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A hospital nursery hosts artist Rachel Lee Hovnanian’s latest exhibition, “Plastic Perfect.” The set, clinical and creepy, houses two rows of newborns, each with his or her own identification. There’s “Tyler,” a plump baby boy with an unruly whip of peach fuzz atop his head; “Evan,” a scrawny little guy with blonde spurts of hair, and six other infants, each with his or her own designated persona and look. The faux tots, disturbingly lifelike down to their tiny toes, rest in their individual illuminated cradles on a pillow of sugary cereal.

The set, called “Perfect Baby Showroom,” introduces viewers to Hovnanian’s show, which runs from Thursday through Oct. 8 at New York’s Leila Heller Gallery, and its overarching theme: technology and its effect on our daily lives. Hovnanian’s previous exhibits have taken on similar themes; last year’s “New Year’s Feast: Beijing, 2014” dissected global narcissism, and 2010’s “American Beauty” took on our obsession with, yes, beauty. Her latest is a tongue-in-cheek but introspective take on tech, linked together by three large-scale installations, including “Perfect Baby Showroom.”

This story first appeared in the September 2, 2014 issue of WWD. Subscribe Today.

“I hope people get something out of this,” Hovnanian says. “The next generation is not going to know what it was like [to not be] connected all of the time. We are in a digital revolution.”

“Perfect Baby Showroom,” the first of the three installations, plays with the concept of ordering genetically perfect children, which Hovnanian predicts will soon be as simple as ordering a pair of custom Nikes. “They are already doing a lot of research with stem cells, and it’s wonderful because it’s going to help get rid of a lot of things,” says Hovnanian, pacing barefoot around her Chelsea studio. “But the other side of it is that we’re going to be able to design and order up our babies. It seems so far-fetched, ordering a baby, but I’ve talked to a lot of doctors and researchers, and it’s here. It’s just a couple of years around the corner. It’s a crazy concept.”

The dolls in Hovnanian’s exhibit are a real, marketed product called Reborn baby dolls, which the artist discovered (and ordered) on the Internet. The dolls are “adopted” online — Hovnanian adopted all the babies on display — and can be crafted with whatever physical attributes the owner pleases. They are anatomically correct, although they do not cry, never need to be fed and, of course, never grow up. “They’re better than the real thing,” Hovnanian says.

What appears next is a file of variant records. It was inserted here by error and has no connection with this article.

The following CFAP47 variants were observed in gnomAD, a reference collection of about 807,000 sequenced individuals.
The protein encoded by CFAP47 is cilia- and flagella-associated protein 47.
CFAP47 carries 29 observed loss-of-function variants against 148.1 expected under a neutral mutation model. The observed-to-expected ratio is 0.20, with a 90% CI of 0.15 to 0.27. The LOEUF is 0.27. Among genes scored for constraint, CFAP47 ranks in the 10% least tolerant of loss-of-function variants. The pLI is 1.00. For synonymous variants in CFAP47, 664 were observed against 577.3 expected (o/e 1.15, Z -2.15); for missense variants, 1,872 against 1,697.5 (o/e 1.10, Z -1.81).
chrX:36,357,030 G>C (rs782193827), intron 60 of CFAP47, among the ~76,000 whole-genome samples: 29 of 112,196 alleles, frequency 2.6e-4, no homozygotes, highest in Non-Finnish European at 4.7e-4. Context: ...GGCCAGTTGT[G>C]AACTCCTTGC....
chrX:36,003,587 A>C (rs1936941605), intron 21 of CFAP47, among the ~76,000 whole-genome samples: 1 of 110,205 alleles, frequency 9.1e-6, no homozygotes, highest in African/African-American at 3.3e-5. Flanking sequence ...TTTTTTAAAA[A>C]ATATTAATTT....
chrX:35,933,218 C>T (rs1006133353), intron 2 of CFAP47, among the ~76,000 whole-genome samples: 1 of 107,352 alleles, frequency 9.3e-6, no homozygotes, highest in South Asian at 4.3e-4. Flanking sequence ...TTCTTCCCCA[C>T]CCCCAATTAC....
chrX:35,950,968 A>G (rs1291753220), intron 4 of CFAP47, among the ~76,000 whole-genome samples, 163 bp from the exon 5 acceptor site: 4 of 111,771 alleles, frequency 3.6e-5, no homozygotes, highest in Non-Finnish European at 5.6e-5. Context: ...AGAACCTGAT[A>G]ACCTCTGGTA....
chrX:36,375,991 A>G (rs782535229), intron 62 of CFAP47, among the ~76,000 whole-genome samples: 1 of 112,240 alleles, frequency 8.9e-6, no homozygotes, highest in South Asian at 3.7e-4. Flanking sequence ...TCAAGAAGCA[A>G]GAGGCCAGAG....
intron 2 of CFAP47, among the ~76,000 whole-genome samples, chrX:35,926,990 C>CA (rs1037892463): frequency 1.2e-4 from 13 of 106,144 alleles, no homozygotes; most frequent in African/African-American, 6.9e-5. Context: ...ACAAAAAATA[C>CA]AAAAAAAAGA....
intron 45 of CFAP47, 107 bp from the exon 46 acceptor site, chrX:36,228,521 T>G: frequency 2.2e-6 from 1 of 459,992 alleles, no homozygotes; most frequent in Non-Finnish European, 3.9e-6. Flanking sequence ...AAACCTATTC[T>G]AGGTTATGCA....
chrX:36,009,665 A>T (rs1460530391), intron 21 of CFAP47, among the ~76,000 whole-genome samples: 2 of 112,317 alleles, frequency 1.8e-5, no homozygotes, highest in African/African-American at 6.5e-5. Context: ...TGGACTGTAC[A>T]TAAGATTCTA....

To Hovnanian, the cereal further punctuates the point. “There’s a big correlation, to me, between how they market cereals and technology,” she explains. Each of the favorite, mascot-fronted breakfast cereals makes an appearance: Froot Loops, Frosted Flakes, Fruity Pebbles, Lucky Charms. Encased in large glass frames, stacks of empty boxes (“I’ll never need to buy cereal again,” she quips) dot the exhibition. Each box sparkles with a crushed-glass encrusting — “sugar,” Hovnanian calls it — with, decorating the tops, opaque white splotches mimicking milk bubbling over. Hovnanian says that, when she was a child, “I would just beg for the sugar-sweetened cereals. Sugar was represented as a way to get energy. I see that like my relationship to my smartphone, where now I’m addicted.”

Cheerios spill over to the next large-scale installation, “In Loco Parentis,” and cover the floor of a makeshift kitchen. The scene sees the Perfect Baby grown up: A toddler trapped inside a large iPad-like screen that sits in a high chair. The on-screen toddler is preoccupied with her own iPad, playing a noisy game on a loop. The stray Cheerios on her tray go untouched. Behind the e-toddler is a video of a monster-sized albino mouse, happily gnawing away at the contents of an open refrigerator. “Albino mice are very rare, but there are more and more and more of them to do testing. Now, we are the new test animals, too. If you think you can live without technology, you can’t. [The mouse] has grown so big because I don’t realize how much I’m constantly on my phone.” The scene echoes the artist’s own breakfast situation. “I used to have coffee in the morning with my husband, which was our time together, but now he’ll be on Google News and I’ll be checking e-mails,” she says. “I’m like, ‘Wait a minute — our little time together has completely disappeared.’ ”

The third and final large-scale installation, “Foreplay,” speaks to this, projecting a video of various couples — the Perfect Baby’s parents — in bed together. In each scene, the pair ignore each other, choosing the comfort of laptops or phones over that of his or her partner. “It’s about the fact that you can be 10,000 miles away [on a device] and be together in person,” says Hovnanian. “Our relationship to each other has changed because of technology, and our relationship to technology is also very different.” An old-fashioned rotary phone, found in a Brooklyn thrift shop, sits on an adjacent chair. Guests are encouraged to hold the phone to their ear while viewing the video. Jeanette MacDonald and Maurice Chevalier’s 1932 rendition of “Isn’t It Romantic” plays over the line. “In the song, they say, ‘I know your profile,’ ” says Hovnanian.

“Today, that means something totally different.”

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